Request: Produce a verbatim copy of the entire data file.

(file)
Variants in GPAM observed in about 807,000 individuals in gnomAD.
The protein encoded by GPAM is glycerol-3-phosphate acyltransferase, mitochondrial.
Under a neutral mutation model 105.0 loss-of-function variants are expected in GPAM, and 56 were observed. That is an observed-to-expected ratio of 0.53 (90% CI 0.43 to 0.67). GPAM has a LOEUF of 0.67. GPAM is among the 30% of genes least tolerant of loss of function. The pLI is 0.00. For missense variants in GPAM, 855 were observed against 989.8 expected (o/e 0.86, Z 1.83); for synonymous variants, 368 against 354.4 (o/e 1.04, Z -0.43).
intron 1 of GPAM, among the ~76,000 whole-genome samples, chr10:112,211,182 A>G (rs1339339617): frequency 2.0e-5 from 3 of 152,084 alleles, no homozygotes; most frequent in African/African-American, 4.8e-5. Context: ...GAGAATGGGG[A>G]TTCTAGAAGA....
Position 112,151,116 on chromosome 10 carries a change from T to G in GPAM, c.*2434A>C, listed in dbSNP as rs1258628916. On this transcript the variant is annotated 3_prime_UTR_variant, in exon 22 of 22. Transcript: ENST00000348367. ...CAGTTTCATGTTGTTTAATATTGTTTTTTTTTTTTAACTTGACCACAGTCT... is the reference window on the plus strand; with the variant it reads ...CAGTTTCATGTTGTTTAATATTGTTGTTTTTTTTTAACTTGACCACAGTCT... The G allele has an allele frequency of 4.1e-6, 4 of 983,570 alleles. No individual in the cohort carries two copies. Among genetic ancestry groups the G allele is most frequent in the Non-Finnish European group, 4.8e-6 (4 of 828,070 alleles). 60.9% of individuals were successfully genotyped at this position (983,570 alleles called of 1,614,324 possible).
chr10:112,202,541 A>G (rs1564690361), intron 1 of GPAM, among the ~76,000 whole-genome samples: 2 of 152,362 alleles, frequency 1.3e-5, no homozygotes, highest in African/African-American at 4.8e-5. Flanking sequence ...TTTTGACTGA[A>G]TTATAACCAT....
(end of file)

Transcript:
Variants in GPAM observed in about 807,000 individuals in gnomAD.
The protein encoded by GPAM is glycerol-3-phosphate acyltransferase, mitochondrial.
Under a neutral mutation model 105.0 loss-of-function variants are expected in GPAM, and 56 were observed. That is an observed-to-expected ratio of 0.53 (90% CI 0.43 to 0.67). GPAM has a LOEUF of 0.67. GPAM is among the 30% of genes least tolerant of loss of function. The pLI is 0.00. For missense variants in GPAM, 855 were observed against 989.8 expected (o/e 0.86, Z 1.83); for synonymous variants, 368 against 354.4 (o/e 1.04, Z -0.43).
intron 1 of GPAM, among the ~76,000 whole-genome samples, chr10:112,211,182 A>G (rs1339339617): frequency 2.0e-5 from 3 of 152,084 alleles, no homozygotes; most frequent in African/African-American, 4.8e-5. Context: ...GAGAATGGGG[A>G]TTCTAGAAGA....
Position 112,151,116 on chromosome 10 carries a change from T to G in GPAM, c.*2434A>C, listed in dbSNP as rs1258628916. On this transcript the variant is annotated 3_prime_UTR_variant, in exon 22 of 22. Transcript: ENST00000348367. ...CAGTTTCATGTTGTTTAATATTGTTTTTTTTTTTTAACTTGACCACAGTCT... is the reference window on the plus strand; with the variant it reads ...CAGTTTCATGTTGTTTAATATTGTTGTTTTTTTTTAACTTGACCACAGTCT... The G allele has an allele frequency of 4.1e-6, 4 of 983,570 alleles. No individual in the cohort carries two copies. Among genetic ancestry groups the G allele is most frequent in the Non-Finnish European group, 4.8e-6 (4 of 828,070 alleles). 60.9% of individuals were successfully genotyped at this position (983,570 alleles called of 1,614,324 possible).
chr10:112,202,541 A>G (rs1564690361), intron 1 of GPAM, among the ~76,000 whole-genome samples: 2 of 152,362 alleles, frequency 1.3e-5, no homozygotes, highest in African/African-American at 4.8e-5. Flanking sequence ...TTTTGACTGA[A>G]TTATAACCAT....